One more thing before we can see some actual code is that Django has the concept of "apps" 1 Django project can have many apps. This website only has 1 custom app which is the "blog" app. However, I can easily take the blog app out of this Django project and install it in a new Django project. A lot of addons that you might use in Django are in the form of apps, for example on this website I use an addon to give me a proper markdown editor(django-pagedown if you wanted to know)



Before showing you the flow of a message in examples it's important to understand how Django reads and writes data.

Django uses the models framework to do this. Advantages of this method instead of using raw sql are:

The below example model is for a generic blog post. Every time you create a new blog post a new instance of this model is created. When you first start a Django application, the ORM will take the below model and turn it into an database table.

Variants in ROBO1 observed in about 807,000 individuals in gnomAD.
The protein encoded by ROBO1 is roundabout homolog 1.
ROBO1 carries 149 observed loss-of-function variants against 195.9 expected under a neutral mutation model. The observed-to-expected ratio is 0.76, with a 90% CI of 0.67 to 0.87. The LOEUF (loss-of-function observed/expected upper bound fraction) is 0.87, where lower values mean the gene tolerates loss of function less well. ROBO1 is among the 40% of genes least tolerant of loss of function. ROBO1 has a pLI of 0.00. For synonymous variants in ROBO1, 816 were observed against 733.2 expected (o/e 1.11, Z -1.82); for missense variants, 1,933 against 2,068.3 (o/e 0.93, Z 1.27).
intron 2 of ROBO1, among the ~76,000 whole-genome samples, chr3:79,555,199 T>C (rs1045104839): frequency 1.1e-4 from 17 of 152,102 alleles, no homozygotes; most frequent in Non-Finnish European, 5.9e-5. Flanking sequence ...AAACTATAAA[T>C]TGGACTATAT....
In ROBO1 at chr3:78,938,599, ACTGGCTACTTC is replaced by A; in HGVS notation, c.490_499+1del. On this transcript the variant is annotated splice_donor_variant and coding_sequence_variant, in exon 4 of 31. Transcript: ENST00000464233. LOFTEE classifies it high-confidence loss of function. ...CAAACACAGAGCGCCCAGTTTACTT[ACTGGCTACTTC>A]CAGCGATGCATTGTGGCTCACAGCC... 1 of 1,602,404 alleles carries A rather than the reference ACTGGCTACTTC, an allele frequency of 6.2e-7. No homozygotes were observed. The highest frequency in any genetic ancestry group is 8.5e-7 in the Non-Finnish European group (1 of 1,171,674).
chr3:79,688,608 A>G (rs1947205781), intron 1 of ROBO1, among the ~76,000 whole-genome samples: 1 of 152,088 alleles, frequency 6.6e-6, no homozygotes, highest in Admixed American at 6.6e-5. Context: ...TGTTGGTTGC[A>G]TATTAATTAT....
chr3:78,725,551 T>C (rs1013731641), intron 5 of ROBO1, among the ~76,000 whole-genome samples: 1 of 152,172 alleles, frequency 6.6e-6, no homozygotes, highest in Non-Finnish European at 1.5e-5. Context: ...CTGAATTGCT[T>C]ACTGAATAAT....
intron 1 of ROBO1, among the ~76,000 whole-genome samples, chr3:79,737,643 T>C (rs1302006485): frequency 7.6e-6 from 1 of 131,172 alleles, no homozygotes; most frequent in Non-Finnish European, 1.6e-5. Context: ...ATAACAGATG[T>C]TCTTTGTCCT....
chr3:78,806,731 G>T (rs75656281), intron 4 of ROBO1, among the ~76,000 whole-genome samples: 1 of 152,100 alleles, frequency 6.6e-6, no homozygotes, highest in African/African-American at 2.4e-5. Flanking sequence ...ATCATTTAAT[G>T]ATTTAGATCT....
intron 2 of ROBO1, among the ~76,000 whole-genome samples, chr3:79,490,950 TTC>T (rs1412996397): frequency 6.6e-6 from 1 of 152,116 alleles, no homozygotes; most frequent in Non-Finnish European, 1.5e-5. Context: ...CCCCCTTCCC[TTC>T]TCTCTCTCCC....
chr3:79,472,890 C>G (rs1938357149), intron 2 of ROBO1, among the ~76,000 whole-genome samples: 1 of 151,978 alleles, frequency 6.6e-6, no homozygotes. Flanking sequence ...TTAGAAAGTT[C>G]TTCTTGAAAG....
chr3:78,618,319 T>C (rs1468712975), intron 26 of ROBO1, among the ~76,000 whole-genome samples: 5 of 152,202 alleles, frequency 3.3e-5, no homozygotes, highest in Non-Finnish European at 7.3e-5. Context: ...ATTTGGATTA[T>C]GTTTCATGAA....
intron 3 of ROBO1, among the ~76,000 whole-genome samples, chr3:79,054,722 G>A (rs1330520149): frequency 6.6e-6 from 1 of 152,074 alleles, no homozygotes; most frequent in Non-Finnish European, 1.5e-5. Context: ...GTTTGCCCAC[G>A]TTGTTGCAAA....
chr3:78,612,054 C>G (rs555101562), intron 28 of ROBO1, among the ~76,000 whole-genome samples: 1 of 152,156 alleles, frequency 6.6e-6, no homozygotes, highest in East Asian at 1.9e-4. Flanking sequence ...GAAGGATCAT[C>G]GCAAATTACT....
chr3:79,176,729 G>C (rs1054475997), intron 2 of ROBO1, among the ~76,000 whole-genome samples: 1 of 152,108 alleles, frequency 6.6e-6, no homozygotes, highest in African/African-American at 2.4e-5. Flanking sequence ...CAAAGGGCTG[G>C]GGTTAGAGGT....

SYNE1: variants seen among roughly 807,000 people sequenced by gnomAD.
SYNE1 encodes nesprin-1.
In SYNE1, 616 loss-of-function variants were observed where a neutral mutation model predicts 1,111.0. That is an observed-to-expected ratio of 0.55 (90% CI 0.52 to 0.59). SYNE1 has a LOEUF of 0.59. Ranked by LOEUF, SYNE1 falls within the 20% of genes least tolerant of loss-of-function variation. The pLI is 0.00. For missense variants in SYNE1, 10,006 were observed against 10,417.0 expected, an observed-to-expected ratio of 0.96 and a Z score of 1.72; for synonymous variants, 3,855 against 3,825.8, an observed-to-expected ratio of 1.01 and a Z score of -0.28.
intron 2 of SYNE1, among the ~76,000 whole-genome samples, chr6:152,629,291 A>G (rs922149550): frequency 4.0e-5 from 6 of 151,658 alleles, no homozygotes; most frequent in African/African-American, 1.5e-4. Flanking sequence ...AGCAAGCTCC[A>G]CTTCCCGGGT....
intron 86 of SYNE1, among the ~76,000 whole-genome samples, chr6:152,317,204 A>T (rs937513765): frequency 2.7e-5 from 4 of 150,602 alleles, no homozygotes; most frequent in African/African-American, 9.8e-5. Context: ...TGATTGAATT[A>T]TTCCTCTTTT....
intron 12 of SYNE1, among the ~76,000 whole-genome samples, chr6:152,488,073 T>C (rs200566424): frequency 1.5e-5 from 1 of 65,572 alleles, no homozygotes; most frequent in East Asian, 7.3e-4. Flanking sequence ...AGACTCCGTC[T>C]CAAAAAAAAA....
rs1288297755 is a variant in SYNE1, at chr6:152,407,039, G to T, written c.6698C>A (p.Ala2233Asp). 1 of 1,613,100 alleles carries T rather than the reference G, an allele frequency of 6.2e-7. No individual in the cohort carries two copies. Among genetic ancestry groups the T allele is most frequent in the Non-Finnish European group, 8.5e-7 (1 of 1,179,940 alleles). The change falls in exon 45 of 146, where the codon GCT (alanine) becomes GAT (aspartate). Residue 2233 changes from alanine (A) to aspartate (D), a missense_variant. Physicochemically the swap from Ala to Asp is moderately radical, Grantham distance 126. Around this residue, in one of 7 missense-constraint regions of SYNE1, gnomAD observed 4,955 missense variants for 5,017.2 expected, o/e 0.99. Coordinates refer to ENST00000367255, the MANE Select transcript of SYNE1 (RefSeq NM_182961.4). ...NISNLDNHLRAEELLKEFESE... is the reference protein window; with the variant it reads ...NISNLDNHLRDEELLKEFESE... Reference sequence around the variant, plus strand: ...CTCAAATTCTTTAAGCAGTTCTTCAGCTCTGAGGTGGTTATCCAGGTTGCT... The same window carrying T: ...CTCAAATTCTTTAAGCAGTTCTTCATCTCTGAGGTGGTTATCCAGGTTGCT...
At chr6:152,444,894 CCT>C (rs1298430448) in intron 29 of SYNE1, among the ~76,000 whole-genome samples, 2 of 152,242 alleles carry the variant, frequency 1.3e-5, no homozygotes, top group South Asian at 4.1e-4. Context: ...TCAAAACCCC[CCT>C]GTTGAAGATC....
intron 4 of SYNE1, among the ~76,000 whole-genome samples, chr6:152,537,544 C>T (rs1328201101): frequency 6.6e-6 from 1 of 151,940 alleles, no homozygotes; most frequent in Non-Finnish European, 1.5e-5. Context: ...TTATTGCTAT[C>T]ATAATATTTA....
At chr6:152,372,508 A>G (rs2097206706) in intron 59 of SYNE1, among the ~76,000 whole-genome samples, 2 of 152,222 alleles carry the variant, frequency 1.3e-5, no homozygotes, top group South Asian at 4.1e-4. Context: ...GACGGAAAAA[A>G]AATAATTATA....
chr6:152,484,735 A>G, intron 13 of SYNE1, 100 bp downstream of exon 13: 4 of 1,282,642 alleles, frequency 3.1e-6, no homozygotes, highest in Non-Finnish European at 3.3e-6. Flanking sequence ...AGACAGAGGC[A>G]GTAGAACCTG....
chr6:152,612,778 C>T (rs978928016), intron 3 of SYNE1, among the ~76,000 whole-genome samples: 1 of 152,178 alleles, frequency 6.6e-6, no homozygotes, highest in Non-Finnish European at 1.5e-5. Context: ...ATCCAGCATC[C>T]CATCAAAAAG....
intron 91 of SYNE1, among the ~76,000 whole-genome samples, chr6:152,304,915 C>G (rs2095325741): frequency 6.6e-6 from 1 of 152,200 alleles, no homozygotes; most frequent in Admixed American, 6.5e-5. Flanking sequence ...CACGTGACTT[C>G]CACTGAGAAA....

class Post(models.Model):
    title = models.CharField(max_length=150, unique=True)
    text = models.TextField()
    published_date = models.DateTimeField(
    last_modified = models.DateTimeField(auto_now=True)

This model is pretty easy to understand, Django provides many different types of fields that you can use. These are similar to ones that you might use when writing SQL to create a table in a database.


A viewer visits a post on this site, for example the url conf below picks this up. Blog is its own separate app so it has its own urls file.


path('blog/', include('blog.urls')),

Here comes the clever part. The url is structured like "/blog/post/name-of-post"

Django looks for /post/a-string inside the blog application. The below url will pick that up.

# blog/
app_name = 'blog'